The Science Connection
LAB GIRLS, a Harris Center afterschool program designed to help middle school girls stay in love with science, brings women mentors with careers in science, technology, engineering, and math (STEM) into the classroom to share their stories and their science with Great Brook and South Meadow School students. Each week, the LAB GIRLS meet a different role model and then have a chance to experiment with the tools of her trade. ConVal high school students with an interest in science help the middle schoolers navigate the hands-on experiments. There are typically about 20 middle school girls in the program each session, along with five or six high school mentors.
Rebecca (Becca) Jennings
Becca, who grew up in Greenfield, NH, served as a LAB GIRLS mentor for several years. Now a sophomore at the University of Rhode Island (URI) studying nursing, Becca reflected on her experience in the program.
“LAB GIRLS made me figure out that I really want people to learn more within STEM, and it helped me realize that I wanted to mentor others more.”
The Role of the Mentor
Mentoring is a key element of the LAB GIRLS program; the middle school girls look up to their high school mentors, who in turn share their enthusiasm and knowledge of the sciences with the younger students. During Becca’s years as a mentor, she was impressed with the LAB GIRLS she mentored.
“It was cool to see younger girls get so involved and want to be part of STEM. They knew things I didn’t know until high school!”
Becca now works in health services as both a peer educator and health educator while attending URI. Her professional goal is to become either a pediatric nurse or a pediatric critical care nurse. During the summer in between Becca’s freshman and sophomore years at URI, she was an assistant counselor and aftercare provider at the Harris Center’s summer camp. Becca recalled her childhood years, when she spent several summers at the Harris Center as a camper.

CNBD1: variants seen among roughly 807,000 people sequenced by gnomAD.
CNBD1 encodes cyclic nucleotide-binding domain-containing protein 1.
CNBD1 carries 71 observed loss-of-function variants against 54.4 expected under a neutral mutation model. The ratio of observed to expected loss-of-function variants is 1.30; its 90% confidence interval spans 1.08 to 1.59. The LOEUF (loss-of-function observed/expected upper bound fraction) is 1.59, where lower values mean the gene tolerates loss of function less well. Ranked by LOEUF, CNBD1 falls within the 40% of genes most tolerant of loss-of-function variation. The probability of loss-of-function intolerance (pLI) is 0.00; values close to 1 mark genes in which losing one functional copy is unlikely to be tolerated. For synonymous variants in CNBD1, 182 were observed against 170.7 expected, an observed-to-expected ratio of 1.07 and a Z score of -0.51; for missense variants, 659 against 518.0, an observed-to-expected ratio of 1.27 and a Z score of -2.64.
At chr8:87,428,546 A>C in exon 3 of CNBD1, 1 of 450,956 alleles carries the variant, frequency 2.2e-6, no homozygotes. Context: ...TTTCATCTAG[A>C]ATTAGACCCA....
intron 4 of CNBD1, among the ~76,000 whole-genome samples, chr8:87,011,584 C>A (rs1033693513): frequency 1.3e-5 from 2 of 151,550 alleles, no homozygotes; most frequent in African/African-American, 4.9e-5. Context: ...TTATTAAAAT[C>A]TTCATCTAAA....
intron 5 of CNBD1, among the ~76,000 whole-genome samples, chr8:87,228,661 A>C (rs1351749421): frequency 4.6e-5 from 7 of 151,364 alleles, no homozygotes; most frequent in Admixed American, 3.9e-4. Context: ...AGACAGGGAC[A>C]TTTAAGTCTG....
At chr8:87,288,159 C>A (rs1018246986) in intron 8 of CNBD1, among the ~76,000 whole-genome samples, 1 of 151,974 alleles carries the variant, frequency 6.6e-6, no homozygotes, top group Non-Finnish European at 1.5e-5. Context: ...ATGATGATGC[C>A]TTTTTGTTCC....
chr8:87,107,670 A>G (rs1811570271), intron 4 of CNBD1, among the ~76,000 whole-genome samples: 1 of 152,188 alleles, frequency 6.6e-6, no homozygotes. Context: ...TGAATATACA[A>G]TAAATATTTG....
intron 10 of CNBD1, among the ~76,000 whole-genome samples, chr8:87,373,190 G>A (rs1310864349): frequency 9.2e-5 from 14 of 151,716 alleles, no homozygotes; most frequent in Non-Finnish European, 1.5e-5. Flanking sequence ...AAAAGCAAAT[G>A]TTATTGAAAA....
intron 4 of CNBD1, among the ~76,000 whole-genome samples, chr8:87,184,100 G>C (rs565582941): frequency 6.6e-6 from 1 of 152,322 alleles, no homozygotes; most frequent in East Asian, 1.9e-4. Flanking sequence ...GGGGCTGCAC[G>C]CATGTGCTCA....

“It was just so fun being able to be a kid, getting dirty, picking up rocks — doing whatever you wanted to do outside!”
The Harris Center is so pleased to have played a part in this talented young woman’s life, and looks forward to hearing about her success for many more years to come!
Maeve is a lively thirteen-year-old who has been in LAB GIRLS since the fifth grade. Now a seventh grader at South Meadow School, Maeve remembers when she first heard about LAB GIRLS.
“I thought it’d be a cool opportunity. I found out I could do it for all four years [at middle school] and thought, ‘Sweet!’ I had a plan.”
Maeve is contemplating becoming a teacher or a biologist someday, but she’s got time to figure all that out. Meanwhile, she enjoys exploring her scientific options and appreciates the mentors who come to help at the Lab Girls sessions as well.
“We’ve done tons of stuff in LAB GIRLS. We always do hands-on stuff — first a lecture, and then hands on. The mentors help — I like them!”
From Camper to Camp Volunteer
Maeve attended camp for a season at the Harris Center when she was younger, and returned as a volunteer helper last summer.
“I was really excited to get out in the woods and hang out with those cute kids. It was a very heartening experience!”
The future is wide open for Maeve, who also enjoys drawing cartoons, participating in cross country and track, ski club, and playing with Legos. Maeve’s general enthusiasm for life is contagious, and the Harris Center looks forward to seeing where life takes her.
For more information on the Harris Center’s 50th anniversary celebrations, please contact Lisa Murray at (603) 525-3394 or by email.